Travel Tuesday – Traffic. With a Baby.

With this past weekend being a 3-day weekend, I should have known that I’d be in for it if I went out on the roads. Sometimes though, there’s just no getting around it: you have to get from point A to point B, and you have to drive there. When baby is on board for a road trip though, there’s nothing that can throw a parenting curveball better than traffic.

You think you’ve got everything you need: Plenty of snacks. Plenty of drinks. Plenty of diapers (if your baby is still using them). I used to think pulling over to the side of the road to change a wet diaper during traffic was a pain. But what do you do when your potty-training toddler needs to GO and there’s no exit to be found? You’ve got quite a parenting conundrum on your hands at that point, and luckily, I haven’t had to find out the answer. My brief panic at the mere thought of what to do in that situation, has me coming up with a plan of prevention: make stops often and at regular intervals, even if the need isn’t apparent, so that in case of the unexpected, the dreaded potty situation will be less likely to occur. Fingers crossed that my plan works.

But it’s not just potty issues that can have moms stressing when it comes to unexpected traffic. Traffic can also be a concern for nursing moms. Babies have to be in their car seats, in the back seat when the car is moving. That’s just a fact. So it necessarily follows that the car needs to stop in order for mom to nurse. If your baby is sleeping peacefully for the first part of your trip, and then you get stuck on a highway where there’s no movement whatsoever, your options are pretty limited when baby wakes up hungry. This actually DID happen to me when my little one was 5 months old. I was driving with a friend who was visiting the Bay Area for the first time, and what I thought was going to be a quick, 30 minute drive turned into a 2 and a half hour ordeal. I stressed, and cried along with my little one, trying my hardest to get to an exit as fast as I could (it ended up taking a very LONG 20 minutes). Once we made it to the exit, I found a place to safely pull over, got in the backseat and nursed. (Yet another moment where I was grateful that I packed my nursing cover!)

Of course, with proper planning both of these crises can be averted. Regular potty breaks. Plenty of pumped milk on hand (and a travel bottle warmer for babies who are finicky about milk temperature, like mine was). I wish I could say I’m perpetually well-prepared, but even when I think I’m well-prepared, it always seems like there’s something I forget. As a first-time mom, I really am just learning everything as I go (at least I’m a quick-study). I’m just glad that I have a sense of humor for the times that modern life hands me a teachable moment. I’m sure there will be many more.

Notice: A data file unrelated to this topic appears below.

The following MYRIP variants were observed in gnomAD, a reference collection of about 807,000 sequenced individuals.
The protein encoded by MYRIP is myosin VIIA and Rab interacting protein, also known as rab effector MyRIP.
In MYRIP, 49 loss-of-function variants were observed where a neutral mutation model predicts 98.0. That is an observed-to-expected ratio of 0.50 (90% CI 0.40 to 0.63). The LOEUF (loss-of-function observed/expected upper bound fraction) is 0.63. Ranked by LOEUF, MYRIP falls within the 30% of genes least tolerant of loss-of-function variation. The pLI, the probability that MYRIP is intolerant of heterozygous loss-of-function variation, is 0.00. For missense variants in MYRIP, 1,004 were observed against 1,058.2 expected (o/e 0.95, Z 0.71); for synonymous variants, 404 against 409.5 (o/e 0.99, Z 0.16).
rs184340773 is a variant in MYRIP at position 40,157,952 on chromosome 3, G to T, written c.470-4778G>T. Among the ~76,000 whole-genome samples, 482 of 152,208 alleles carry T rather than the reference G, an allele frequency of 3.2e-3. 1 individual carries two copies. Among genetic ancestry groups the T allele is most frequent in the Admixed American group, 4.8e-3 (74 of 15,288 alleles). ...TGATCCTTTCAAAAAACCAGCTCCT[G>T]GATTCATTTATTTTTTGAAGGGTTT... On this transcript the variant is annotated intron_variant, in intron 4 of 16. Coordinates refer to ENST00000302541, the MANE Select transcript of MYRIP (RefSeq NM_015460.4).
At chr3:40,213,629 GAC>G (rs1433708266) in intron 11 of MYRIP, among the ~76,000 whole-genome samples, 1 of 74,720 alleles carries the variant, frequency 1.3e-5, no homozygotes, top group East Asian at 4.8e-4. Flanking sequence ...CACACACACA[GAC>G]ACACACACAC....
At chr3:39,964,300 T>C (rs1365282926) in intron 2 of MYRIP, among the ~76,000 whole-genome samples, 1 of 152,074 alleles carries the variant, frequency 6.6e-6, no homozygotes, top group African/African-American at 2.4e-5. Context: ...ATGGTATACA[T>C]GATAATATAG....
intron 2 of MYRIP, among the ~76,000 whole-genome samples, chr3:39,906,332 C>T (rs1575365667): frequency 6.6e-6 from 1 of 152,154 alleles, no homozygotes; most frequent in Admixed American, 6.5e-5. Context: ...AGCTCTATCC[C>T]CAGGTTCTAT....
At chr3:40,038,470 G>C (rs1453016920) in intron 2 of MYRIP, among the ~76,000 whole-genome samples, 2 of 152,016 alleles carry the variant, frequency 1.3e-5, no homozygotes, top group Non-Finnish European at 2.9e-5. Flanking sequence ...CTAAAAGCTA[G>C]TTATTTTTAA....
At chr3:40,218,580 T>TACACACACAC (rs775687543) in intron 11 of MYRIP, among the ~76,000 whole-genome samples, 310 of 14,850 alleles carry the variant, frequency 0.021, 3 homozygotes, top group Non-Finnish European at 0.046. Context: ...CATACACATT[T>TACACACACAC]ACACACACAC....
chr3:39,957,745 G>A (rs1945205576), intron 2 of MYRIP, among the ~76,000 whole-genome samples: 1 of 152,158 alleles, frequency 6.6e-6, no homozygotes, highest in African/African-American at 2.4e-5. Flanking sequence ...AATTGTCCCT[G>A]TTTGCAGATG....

The opinions expressed by the Bébé au Lait Bloggers and those providing comments are theirs alone, and do not reflect the opinions of Bebe au Lait or any employee thereof. Bébé au Lait is not responsible for the accuracy of any of the information supplied by the Bébé au Lait Bloggers.

Mama Monday: My Breastfeeding “Must have” Checklist

Breastfeeding is one of the most natural things in the world.  What do you need to make it happen? In most cases–just you and your baby. But there’s an awful lot of products out there that make nursing your baby a whole lot easier, and for me, those products made it to my breastfeeding “must have” checklist.

Number one on my checklist–a Bebe Au Lait nursing cover (of course!) This was important for me, not only because I didn’t feel 100% comfortable nursing in front of people, but also because as time went on and my daughter started watching the world around her, using the cover allowed her to focus 100% on me, wherever we were. I really feel that this helped foster the bond between us and made our nursing time special even when we were on the go. In fact, one of the reasons I was so excited to join Bebe au Lait was because of how much I loved my cover and how useful I found it while nursing.

Number two on my checklist–a nursing pillow. The difference between nursing with the pillow and nursing without the pillow, for me, was night and day.  My little one was a slow nurser.  Feedings could last up to an hour. Honestly some days it felt like we were nursing more than we weren’t–and the pillow allowed us both to stay comfy (not sweaty from constant skin to skin contact in a warm apartment), and it gave my tired arms a rest during those marathon feedings.

Number three–Lanolin ointment.  This one is a little controversial I think.  My lactation consultant at the hospital had told me not to use any ointment because it could clog the milk ducts.  After a week of slow learning on my little one’s part though, I just needed something to soothe the soreness.  And it worked. And it kept me nursing when I was about ready to give up.

Number four–a breast pump. I went back to work after 12 weeks, and continued breastfeeding until my daughter self-weened.  My breast pump made that possible, and therefore, was a must-have.

What about you? Were there/are there products that you can’t live without while nursing?

The opinions expressed by the Bébé au Lait Bloggers and those providing comments are theirs alone, and do not reflect the opinions of Bebe au Lait or any employee thereof. Bébé au Lait is not responsible for the accuracy of any of the information supplied by the Bébé au Lait Bloggers.

Supporting a Mom’s Right to Breastfeed

It’s been all over the news- a Mom in a local retail store was harassed by store employees for nursing her baby… while covered.

Here at Bebe au Lait, we support breastfeeding– studies have shown time and time again that its best for Mom and Baby. We also support breastfeeding mothers, and their right to feed their babies anywhere, anytime, however they choose.